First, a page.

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H-16 Flying Boat

Roden 1/72 H-16 Flying Boat Kit First Look

By Michael Benolkin

Date of Review December 2004 Manufacturer Roden
Subject H-16 Flying Boat Scale 1/72
Kit Number 0049 Primary Media Styrene
Pros Great detailing throughout Cons Nothing noted
Skill Level Basic MSRP (USD) $34.98

First Look

H-16 Kit
H-16 Kit
H-16 Kit
H-16 Kit
H-16 Kit
H-16 Kit

For those of us who've become addicted to the Discover Wings Channel, we've seen how Glenn Curtiss jumped headlong into aircraft development after the Wright brothers' successes. He took their initial developments, matured flight control technology and developed faster, more capable machines.

One area in particular that Curtiss became focused upon was aircraft that could operate from water. With the growing interest of the US Navy, Curtiss embarked on a series of designs which brought greater range and capabilities to a new class of aircraft dubbed 'flying boats'.

In his America series of flying boats, designated the H-series, Curtiss produced a number of aircraft for Great Britain during WW1. The H-12 was a capable aircraft that featured many design inputs from Britain and would later be the starting point for the Felixstowe F.2A.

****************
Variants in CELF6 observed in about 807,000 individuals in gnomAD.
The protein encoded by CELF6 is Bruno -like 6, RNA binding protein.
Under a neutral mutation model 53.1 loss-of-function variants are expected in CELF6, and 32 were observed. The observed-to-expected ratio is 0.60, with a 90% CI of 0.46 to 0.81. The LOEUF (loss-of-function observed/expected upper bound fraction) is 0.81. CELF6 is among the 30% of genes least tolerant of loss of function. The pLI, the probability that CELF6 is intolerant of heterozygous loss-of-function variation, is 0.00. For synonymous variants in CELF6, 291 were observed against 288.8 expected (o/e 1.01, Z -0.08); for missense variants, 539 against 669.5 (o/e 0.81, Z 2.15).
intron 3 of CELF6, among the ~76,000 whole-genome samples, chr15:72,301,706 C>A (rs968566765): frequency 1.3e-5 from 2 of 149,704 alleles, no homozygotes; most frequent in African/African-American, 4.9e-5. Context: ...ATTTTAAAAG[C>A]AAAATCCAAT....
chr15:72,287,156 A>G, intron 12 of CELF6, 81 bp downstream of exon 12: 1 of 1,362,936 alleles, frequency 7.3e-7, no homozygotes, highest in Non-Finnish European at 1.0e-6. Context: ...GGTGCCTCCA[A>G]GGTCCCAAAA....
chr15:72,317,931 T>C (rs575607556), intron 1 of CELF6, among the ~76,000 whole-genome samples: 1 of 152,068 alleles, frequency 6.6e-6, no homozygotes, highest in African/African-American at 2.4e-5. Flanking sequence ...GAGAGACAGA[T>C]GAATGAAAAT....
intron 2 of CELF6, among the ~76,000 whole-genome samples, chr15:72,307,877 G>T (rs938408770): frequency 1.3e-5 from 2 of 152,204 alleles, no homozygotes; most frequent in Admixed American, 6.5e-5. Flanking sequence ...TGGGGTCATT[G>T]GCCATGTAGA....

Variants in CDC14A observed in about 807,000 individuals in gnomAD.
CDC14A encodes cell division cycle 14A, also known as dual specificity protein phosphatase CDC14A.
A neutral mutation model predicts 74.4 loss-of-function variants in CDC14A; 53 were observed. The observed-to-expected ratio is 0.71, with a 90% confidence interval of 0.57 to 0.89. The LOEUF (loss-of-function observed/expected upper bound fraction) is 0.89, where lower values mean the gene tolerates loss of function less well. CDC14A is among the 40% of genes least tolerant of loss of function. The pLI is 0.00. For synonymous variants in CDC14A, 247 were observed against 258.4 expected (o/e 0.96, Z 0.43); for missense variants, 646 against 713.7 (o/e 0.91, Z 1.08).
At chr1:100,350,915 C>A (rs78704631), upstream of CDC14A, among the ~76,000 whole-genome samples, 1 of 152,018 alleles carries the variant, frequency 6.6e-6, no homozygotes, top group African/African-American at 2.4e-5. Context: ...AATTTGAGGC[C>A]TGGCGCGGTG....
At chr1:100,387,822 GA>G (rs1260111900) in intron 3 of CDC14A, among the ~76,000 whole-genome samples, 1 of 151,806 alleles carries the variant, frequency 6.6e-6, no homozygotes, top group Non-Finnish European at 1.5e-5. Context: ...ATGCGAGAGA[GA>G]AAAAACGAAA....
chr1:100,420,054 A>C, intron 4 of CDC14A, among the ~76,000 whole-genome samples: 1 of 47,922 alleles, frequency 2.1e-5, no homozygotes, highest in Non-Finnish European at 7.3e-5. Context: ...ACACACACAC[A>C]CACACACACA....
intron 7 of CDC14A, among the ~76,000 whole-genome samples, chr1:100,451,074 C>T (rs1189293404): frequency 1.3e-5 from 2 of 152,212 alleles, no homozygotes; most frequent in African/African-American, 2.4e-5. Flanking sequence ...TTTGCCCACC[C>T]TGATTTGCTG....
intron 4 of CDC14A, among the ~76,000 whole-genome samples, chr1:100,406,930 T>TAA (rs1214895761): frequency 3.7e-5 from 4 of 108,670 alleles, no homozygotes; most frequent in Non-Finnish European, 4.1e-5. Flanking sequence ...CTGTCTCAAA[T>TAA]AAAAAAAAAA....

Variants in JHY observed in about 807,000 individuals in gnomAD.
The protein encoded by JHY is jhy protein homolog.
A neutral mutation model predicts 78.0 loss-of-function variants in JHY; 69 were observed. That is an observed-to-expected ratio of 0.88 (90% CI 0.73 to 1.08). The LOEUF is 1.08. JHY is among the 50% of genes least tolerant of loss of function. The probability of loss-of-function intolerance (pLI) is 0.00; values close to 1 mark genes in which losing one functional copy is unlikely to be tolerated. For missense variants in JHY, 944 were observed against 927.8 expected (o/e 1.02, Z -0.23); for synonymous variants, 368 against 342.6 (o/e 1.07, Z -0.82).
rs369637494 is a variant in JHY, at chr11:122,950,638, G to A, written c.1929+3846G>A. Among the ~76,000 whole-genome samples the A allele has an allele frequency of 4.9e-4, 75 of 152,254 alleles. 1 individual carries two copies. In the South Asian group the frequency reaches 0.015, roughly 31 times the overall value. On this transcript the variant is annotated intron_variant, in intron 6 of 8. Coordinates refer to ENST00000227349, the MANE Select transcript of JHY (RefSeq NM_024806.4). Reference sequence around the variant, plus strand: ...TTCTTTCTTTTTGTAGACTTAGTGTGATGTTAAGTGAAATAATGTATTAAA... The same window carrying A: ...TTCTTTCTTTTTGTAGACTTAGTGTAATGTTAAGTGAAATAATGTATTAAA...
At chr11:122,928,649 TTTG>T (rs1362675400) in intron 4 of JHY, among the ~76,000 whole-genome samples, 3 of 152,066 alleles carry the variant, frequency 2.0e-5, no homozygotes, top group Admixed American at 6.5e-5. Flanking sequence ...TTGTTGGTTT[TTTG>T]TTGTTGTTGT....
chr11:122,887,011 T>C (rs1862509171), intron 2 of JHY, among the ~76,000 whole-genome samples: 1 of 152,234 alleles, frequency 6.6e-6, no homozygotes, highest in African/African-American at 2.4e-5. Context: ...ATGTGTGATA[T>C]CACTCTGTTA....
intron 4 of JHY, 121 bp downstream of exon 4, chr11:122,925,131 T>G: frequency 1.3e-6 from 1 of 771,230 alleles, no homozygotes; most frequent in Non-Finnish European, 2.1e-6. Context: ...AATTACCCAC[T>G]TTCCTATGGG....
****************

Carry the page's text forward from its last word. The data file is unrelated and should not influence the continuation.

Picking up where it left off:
The H-16 was the last in the series, a number of which were delivered to the RNAS toward the end of WW1, but many of these never became operational. The US Navy acquired 270 of these aircraft after the war and helped to broaden the experience of Naval Aviation.

The kit is molded in light gray styrene and features some nice detailing on the surface to represent the various construction techniques used on the aircraft. The rib detailing on the wings is nicely done. The kit comes on six trees of gray parts and one small clear tree containing the windscreen.

For a 1/72 scale kit, the detailing on these two Liberty engines is quite extensive and very impressive. You'll definitely want to take your time with these beauties!

The kit also provides a complete dolly for getting the aircraft in and out of the water. You also have the option of representing the H-16s with two-bladed or four-bladed propellers.

While assembly of the aircraft appears to be straightforward, your true modeling skills will come into play should you choose to rig the aircraft as it appeared in operations. This is likely a breeze for you biplane builders, but is still an elusive art form for me.

Markings are provided for four examples:

  • H-16, A-1032, Lough Foyle, 1918
  • H-16, A-845, USN, 1920
  • H-16, K-29, Killingholme, 1918
  • H-16, N4892, Felixstowe, 1918

Released on the heels of the Felixstowe F.2A series, this aircraft will make a nice addition to your flying boat collection.

My sincere thanks to Squadron Mail Order for this review sample!

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